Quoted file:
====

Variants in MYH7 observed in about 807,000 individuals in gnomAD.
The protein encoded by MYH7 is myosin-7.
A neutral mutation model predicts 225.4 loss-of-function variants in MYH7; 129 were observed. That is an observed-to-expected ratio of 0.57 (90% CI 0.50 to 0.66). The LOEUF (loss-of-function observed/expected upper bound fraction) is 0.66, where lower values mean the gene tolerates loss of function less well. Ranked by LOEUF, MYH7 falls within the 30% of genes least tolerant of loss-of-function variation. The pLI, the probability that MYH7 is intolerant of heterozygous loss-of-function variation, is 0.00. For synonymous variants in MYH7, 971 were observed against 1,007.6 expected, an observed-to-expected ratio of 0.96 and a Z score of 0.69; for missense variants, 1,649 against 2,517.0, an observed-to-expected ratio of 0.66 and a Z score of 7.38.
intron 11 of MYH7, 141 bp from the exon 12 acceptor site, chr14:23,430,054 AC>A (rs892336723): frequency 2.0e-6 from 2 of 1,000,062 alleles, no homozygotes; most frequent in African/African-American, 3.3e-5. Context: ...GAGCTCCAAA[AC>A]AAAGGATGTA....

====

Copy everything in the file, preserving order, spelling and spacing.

Variants in MYH7 observed in about 807,000 individuals in gnomAD.
The protein encoded by MYH7 is myosin-7.
A neutral mutation model predicts 225.4 loss-of-function variants in MYH7; 129 were observed. That is an observed-to-expected ratio of 0.57 (90% CI 0.50 to 0.66). The LOEUF (loss-of-function observed/expected upper bound fraction) is 0.66, where lower values mean the gene tolerates loss of function less well. Ranked by LOEUF, MYH7 falls within the 30% of genes least tolerant of loss-of-function variation. The pLI, the probability that MYH7 is intolerant of heterozygous loss-of-function variation, is 0.00. For synonymous variants in MYH7, 971 were observed against 1,007.6 expected, an observed-to-expected ratio of 0.96 and a Z score of 0.69; for missense variants, 1,649 against 2,517.0, an observed-to-expected ratio of 0.66 and a Z score of 7.38.
intron 11 of MYH7, 141 bp from the exon 12 acceptor site, chr14:23,430,054 AC>A (rs892336723): frequency 2.0e-6 from 2 of 1,000,062 alleles, no homozygotes; most frequent in African/African-American, 3.3e-5. Context: ...GAGCTCCAAA[AC>A]AAAGGATGTA....